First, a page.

2. the concessionaire must be integrated within the distribution network of the grantor;
  3. a transfer of the customer list must have taken place.
4.1.1. Dissolution of the relationship.

German case law applies by analogy the principles in agency law, whereby the purpose of the indemnity is to compensate the agent for the benefits that are transferred to the principal following the termination of the contract, since the agent can no longer benefit from the relationships it has established or developed with its customers.

The purpose of the indemnity, therefore, is on the one hand to compensate the agent for the loss of commission suffered by the agent due to the termination of the relationship, and on the other hand to provide the agent with compensation for the benefits derived from the customers acquired and/or developed by the agent. A prerequisite for the claim for indemnity, as set forth in subsection (3) of § 89b HGB, is the fact that the contract has not been terminated by the principal due to the agent's serious breach of contract, by the agent without justified reason, or by the assignment of the rights and obligations of the contract to a third party.

German case law, although the law does not expressly regulate it, has held that the indemnity is due in the event of termination of the relationship due to mutual disagreement, regardless of who first proposed the consensual termination of the relationship.[9]

These criteria are also faithfully applied to dealer contracts, including consensual termination of the relationship.[10] Therefore, even in the event of consensual termination of the contract, the authorised dealer will be entitled to an indemnity, provided that the other requirements, i.e. integration into the manufacturer's distribution network and the obligation to transfer customers, are met.

4.1.2. Integration within the network.

With regard to the requirement of integration within the distribution network, it is important to emphasise that the business relationship is not limited to a simple relationship between a seller and a regular customer, a deeper form of collaboration constituting a true integrated distribution agreement being necessary.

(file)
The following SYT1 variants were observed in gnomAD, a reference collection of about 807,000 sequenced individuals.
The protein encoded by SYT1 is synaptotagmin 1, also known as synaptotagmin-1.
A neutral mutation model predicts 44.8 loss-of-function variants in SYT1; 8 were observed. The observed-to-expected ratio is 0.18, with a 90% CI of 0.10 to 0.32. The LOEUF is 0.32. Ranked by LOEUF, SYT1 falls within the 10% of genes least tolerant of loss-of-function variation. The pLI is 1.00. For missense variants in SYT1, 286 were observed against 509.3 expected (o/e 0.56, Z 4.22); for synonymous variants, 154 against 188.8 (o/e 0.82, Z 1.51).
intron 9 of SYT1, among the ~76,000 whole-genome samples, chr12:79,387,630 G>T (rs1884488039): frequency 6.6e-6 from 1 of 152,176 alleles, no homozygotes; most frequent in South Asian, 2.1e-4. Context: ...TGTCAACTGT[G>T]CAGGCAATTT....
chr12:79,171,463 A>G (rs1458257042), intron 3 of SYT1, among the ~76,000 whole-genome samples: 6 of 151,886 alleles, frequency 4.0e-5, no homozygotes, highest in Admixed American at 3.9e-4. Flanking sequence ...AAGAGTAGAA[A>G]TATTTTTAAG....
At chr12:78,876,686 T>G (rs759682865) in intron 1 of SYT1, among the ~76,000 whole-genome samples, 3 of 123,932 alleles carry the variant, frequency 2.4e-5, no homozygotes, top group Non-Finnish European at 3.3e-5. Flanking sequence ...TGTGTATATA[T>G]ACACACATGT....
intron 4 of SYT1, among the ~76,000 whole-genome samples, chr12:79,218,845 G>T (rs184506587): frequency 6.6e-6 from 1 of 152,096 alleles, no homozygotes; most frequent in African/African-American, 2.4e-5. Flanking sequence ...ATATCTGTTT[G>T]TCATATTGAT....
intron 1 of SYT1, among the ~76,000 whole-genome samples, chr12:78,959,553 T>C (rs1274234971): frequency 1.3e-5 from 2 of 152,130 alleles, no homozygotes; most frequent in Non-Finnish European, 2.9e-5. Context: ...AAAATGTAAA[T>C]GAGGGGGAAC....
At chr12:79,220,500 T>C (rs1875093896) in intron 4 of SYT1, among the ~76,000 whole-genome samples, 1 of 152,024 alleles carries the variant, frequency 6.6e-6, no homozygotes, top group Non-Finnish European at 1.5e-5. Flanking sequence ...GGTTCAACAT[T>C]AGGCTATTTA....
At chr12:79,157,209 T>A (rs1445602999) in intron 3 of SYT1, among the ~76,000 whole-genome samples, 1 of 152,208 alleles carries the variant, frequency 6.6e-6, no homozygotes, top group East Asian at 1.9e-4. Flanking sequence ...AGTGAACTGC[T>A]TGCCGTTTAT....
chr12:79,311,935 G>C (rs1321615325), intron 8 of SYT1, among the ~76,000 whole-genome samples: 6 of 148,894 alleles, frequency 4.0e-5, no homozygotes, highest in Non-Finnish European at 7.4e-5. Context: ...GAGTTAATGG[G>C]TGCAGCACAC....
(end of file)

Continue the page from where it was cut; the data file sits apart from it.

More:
This implies that the authorised dealer is actively involved in the manufacturer's distribution system, so that the claim is intended to compensate the dealer not only for the loss of the benefits of customer relations, but also for the active contribution to the manufacturer's distribution network.

Read also: Dealer, distributor or regular customer?

German jurisprudence[11] over time has developed a number of examples of situations that could lead to, or at least lead to the assumption that there is a real integration in the distribution system of the grantor; here are some of them:

  • be recognised as an authorised dealer;
  • grant the producer/concessionaire permission to enter the business and storage premises at any time;
  • be subject to minimum purchase obligations for the contractual products;
  • have an obligation to store goods in the warehouse;
  • set up and supervise authorised workshops in the contract territory;
  • provide customer support and repair services;
  • receive training from the producer/concessionaire;
  • enhance, preserve and maintain the producer's brand;
  • follow the manufacturer's sales guidelines and recommendations;
  • have the possibility of selling the producer's products outside the contract territory;
  • be assigned to a specific contractual territory, even in the absence of territorial exclusivity.
4.1.3. The transfer of customers.

Another basic requirement for the dealer or reseller to be entitled to severance pay is that there has been a transfer of customer data.

According to German case law,[12] it is not essential that the transfer of the customer list be explicitly provided for in the contract, but it may arise implicitly as an obligation or be a practice adopted by the parties (e.g. if the dealer sends the names of customers to the manufacturer for warranty management or other after-sales service purposes).

This transfer of the customer list is a crucial element because it allows the manufacturer to maintain and develop the relationship with customers acquired by the dealer even after the relationship with the dealer or reseller has been terminated.

4.2. The calculation of the allowance.

The quantification of the allowance must be carried out considering the following parameters: